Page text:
7. Work-to-own - Going out on a limb here, but if you were in possession of a skillset that was valuable to the business, you could conceivably offer to work for equity, instead of getting paid for your time. Strictly a theoretical scenario, but I'm just thinking outside the box here.

I hope that helps! Feel free to gimme a call if you have more questions about this. ~Jason


I've used UserTesting (and its service Peek), as well as other user behavior analysis tools like HotJar, Crazy Egg, etc.

To answer your questions:

1. Do you use such services? If so, what do you choose?
// I use them to either confirm or reject hypotheses I have about my product's/business' performance metrics, and gain ideas as to how I could improve them. Best example: my team's goal was to increase the %age of users successfully making it through our onboarding process. We collected a handful of videos via UserTesting, and gained dozens of insights into ways we could simplify and clarify the process - and it resulted in a significant jump in our conversion rate.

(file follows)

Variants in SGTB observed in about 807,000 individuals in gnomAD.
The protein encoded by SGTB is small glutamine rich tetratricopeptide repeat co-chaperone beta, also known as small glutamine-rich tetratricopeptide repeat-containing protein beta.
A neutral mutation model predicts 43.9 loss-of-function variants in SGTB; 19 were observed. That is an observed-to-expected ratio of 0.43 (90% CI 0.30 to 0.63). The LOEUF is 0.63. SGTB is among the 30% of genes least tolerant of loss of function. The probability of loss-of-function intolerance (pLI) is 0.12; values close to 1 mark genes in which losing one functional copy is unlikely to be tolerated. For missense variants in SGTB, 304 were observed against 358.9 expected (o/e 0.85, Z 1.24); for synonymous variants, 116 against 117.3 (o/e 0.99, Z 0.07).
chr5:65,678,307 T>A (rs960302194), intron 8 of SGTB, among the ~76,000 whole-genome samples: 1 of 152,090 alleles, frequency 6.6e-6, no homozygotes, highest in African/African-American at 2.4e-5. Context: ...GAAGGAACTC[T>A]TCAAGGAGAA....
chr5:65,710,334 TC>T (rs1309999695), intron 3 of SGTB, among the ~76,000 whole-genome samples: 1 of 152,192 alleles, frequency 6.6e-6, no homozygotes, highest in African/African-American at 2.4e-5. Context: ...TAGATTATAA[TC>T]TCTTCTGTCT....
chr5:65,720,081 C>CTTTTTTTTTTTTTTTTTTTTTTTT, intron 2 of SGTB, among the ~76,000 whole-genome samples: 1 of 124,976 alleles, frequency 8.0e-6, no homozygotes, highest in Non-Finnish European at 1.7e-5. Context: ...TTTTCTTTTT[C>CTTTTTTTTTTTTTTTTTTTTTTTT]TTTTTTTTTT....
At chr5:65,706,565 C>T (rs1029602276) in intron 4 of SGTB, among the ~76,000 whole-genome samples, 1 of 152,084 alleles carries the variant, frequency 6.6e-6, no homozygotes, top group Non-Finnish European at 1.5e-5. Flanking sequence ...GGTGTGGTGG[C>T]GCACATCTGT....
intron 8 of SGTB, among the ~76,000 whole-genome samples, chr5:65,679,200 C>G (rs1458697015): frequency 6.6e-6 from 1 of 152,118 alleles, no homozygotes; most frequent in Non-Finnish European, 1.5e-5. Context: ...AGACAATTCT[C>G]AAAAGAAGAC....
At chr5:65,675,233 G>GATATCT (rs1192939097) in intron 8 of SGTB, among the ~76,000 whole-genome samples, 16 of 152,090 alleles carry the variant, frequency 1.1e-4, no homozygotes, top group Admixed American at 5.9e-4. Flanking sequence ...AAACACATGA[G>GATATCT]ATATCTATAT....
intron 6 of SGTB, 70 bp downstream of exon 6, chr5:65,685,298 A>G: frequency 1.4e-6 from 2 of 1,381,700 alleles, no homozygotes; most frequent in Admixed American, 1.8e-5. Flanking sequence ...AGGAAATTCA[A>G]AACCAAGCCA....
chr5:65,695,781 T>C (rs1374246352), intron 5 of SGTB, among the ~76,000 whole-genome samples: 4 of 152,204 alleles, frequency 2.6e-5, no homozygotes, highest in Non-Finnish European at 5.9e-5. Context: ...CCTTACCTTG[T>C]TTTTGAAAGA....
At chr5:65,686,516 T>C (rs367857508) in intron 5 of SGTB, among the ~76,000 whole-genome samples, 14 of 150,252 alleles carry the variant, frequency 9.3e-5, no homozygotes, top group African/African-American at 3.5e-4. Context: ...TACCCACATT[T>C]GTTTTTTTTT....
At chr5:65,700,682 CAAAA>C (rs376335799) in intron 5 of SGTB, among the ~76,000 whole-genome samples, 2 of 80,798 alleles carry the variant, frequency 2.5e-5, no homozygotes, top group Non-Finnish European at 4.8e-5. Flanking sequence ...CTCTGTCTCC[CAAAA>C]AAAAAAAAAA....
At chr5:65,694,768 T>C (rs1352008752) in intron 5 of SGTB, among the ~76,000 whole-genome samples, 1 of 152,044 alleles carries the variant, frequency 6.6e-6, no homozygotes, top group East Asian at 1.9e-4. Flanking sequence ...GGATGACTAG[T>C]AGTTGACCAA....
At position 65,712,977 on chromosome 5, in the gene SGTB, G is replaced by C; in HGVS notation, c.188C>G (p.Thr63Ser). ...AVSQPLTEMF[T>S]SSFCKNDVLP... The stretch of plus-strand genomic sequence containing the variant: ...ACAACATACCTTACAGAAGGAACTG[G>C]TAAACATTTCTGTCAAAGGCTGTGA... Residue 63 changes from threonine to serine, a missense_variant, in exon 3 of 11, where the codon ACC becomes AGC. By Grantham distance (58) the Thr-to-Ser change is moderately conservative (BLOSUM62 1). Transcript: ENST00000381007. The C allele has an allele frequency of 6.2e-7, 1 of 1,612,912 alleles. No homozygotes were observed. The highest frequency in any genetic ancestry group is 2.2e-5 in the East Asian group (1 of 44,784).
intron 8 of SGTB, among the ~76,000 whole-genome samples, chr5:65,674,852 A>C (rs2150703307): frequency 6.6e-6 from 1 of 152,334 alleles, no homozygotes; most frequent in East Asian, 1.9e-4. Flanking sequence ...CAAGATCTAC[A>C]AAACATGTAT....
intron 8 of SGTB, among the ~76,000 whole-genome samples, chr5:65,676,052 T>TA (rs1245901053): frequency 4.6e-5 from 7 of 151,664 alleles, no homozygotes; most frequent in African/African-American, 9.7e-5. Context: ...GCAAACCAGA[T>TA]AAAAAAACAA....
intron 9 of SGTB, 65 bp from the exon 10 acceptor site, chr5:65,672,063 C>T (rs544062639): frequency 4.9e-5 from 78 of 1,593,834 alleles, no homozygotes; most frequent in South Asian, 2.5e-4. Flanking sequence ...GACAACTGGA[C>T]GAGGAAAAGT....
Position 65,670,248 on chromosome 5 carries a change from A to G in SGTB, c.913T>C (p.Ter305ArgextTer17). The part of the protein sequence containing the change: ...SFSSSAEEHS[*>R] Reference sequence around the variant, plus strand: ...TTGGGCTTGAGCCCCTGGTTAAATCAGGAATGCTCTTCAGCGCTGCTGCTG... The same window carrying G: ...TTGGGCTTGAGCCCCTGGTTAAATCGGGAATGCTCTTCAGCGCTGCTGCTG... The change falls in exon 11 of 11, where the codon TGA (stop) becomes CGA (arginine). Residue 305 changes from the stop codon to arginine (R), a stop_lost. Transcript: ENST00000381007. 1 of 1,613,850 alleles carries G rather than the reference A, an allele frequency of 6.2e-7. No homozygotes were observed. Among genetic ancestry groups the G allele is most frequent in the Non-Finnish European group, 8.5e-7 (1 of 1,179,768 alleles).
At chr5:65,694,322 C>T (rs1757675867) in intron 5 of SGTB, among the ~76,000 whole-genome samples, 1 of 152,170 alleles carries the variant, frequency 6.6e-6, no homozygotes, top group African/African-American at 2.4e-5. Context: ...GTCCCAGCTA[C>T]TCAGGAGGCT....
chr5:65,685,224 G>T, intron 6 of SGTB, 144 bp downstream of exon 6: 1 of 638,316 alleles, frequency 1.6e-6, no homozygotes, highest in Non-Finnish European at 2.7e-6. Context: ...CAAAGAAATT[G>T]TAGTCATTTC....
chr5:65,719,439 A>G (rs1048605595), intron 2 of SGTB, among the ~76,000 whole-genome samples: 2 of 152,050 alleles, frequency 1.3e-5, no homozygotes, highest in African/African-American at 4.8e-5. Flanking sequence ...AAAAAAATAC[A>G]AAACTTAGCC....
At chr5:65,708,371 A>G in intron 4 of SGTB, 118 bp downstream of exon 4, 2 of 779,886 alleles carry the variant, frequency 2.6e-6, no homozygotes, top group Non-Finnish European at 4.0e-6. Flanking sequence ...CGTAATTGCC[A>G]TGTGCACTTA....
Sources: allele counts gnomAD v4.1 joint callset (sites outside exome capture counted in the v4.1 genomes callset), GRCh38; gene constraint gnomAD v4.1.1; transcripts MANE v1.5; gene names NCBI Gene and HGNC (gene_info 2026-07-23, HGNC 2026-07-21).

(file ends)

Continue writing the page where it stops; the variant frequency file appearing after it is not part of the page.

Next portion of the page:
2. How you choose it?
// Being in the web/UX design industry for a while, I'd heard of them before (via following relevant Twitter hashtags and UX blogs), and mentally bookmarked them until we had a need. Did a quick price comparison first with other similar services, then decided to pull the trigger. My primary decision criteria were: 1. How much is it? 2. How quickly can we get back data/results, and 3. Are we able to find good-quality, targeted participants that are similar to the kinds of users we're going after?

3. What was the main problem of using such services?
// I don't think we were able to find exactly the types of participants we needed, but we had pretty specific criteria our first time around. Once we relaxed our requirements a bit, things were smooth from that point onwards. This was probably a couple years ago, though, so I would imagine their pool of participants has expanded significantly in breadth, diversity and available targeting criteria since then.